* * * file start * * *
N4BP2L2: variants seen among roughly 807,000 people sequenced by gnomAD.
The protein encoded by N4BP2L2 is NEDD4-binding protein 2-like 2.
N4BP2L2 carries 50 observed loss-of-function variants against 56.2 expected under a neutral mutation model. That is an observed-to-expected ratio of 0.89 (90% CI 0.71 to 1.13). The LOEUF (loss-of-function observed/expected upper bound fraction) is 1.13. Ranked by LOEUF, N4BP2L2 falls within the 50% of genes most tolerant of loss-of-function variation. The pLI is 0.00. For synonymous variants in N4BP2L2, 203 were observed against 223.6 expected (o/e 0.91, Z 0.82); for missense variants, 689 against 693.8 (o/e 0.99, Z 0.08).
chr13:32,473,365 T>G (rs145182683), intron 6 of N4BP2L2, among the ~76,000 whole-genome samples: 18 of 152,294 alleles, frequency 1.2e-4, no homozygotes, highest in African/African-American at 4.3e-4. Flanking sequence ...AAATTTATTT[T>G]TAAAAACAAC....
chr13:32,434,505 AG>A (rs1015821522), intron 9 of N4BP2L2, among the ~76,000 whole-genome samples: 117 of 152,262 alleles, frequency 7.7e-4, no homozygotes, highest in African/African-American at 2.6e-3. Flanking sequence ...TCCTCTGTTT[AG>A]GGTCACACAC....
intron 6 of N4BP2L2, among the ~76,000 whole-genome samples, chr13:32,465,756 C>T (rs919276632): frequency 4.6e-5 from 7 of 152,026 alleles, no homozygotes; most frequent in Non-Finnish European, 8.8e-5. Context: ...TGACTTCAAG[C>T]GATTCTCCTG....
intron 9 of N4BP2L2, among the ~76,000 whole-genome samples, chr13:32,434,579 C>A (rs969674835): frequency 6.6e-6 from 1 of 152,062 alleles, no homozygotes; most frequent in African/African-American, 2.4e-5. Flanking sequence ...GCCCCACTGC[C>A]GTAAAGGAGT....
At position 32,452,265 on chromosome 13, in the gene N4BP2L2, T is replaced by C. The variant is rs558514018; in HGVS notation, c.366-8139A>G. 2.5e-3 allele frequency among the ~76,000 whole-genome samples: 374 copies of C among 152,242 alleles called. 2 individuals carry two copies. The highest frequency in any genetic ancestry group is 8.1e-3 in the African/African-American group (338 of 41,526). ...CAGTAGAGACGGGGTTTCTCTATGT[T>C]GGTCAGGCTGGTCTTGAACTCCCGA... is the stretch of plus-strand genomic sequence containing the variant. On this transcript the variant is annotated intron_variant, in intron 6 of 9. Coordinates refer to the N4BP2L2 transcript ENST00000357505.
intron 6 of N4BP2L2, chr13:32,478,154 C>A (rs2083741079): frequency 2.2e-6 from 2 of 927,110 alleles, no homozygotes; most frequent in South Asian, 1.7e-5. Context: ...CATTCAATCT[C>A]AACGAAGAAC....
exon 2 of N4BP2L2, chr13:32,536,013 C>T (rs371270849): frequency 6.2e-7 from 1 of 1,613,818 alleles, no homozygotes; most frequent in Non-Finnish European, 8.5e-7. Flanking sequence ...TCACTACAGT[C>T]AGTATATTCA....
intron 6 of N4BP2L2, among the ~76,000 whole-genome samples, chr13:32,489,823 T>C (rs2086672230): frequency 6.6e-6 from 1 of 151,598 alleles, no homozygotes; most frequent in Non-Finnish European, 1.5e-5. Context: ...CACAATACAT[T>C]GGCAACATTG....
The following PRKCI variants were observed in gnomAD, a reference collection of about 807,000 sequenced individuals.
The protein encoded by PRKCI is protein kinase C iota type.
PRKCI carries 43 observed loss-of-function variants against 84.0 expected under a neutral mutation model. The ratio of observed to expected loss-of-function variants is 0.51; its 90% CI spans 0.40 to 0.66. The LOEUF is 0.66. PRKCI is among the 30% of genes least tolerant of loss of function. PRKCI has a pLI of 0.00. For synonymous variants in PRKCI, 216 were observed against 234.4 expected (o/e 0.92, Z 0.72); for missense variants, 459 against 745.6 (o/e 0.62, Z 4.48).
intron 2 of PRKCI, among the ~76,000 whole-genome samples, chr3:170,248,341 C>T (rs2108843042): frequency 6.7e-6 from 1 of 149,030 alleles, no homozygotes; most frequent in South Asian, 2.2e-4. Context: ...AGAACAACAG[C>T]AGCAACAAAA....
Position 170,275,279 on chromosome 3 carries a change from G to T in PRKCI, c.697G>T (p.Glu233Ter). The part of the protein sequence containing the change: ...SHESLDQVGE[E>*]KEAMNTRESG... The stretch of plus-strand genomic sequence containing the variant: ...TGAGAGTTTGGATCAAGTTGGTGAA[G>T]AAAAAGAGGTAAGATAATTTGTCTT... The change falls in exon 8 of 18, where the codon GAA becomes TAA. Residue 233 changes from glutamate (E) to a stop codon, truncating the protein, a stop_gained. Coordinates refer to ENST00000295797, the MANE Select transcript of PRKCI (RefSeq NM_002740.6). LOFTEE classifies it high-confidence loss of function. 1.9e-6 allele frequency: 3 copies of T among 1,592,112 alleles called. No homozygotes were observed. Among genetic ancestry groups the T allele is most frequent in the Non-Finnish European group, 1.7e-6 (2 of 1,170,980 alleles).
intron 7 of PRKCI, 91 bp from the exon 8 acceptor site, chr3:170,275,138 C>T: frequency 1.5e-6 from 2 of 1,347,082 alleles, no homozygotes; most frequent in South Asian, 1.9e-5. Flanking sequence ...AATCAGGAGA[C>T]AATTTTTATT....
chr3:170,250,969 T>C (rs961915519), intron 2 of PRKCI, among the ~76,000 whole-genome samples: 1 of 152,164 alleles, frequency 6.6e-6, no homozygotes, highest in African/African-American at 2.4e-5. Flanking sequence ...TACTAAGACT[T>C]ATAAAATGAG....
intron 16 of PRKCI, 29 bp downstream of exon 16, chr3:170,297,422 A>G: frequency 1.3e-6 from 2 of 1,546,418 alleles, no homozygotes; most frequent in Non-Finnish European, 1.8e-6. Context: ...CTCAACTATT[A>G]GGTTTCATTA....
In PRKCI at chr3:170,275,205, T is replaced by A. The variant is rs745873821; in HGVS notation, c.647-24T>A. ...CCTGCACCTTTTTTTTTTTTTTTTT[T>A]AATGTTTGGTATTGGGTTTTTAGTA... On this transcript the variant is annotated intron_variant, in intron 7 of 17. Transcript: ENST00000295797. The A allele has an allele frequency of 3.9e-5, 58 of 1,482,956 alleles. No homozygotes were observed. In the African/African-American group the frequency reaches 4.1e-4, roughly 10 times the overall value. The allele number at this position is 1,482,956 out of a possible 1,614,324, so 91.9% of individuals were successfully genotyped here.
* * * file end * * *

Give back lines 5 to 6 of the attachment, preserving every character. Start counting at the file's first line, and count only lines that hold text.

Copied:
chr13:32,434,505 AG>A (rs1015821522), intron 9 of N4BP2L2, among the ~76,000 whole-genome samples: 117 of 152,262 alleles, frequency 7.7e-4, no homozygotes, highest in African/African-American at 2.6e-3. Flanking sequence ...TCCTCTGTTT[AG>A]GGTCACACAC....
intron 6 of N4BP2L2, among the ~76,000 whole-genome samples, chr13:32,465,756 C>T (rs919276632): frequency 4.6e-5 from 7 of 152,026 alleles, no homozygotes; most frequent in Non-Finnish European, 8.8e-5. Context: ...TGACTTCAAG[C>T]GATTCTCCTG....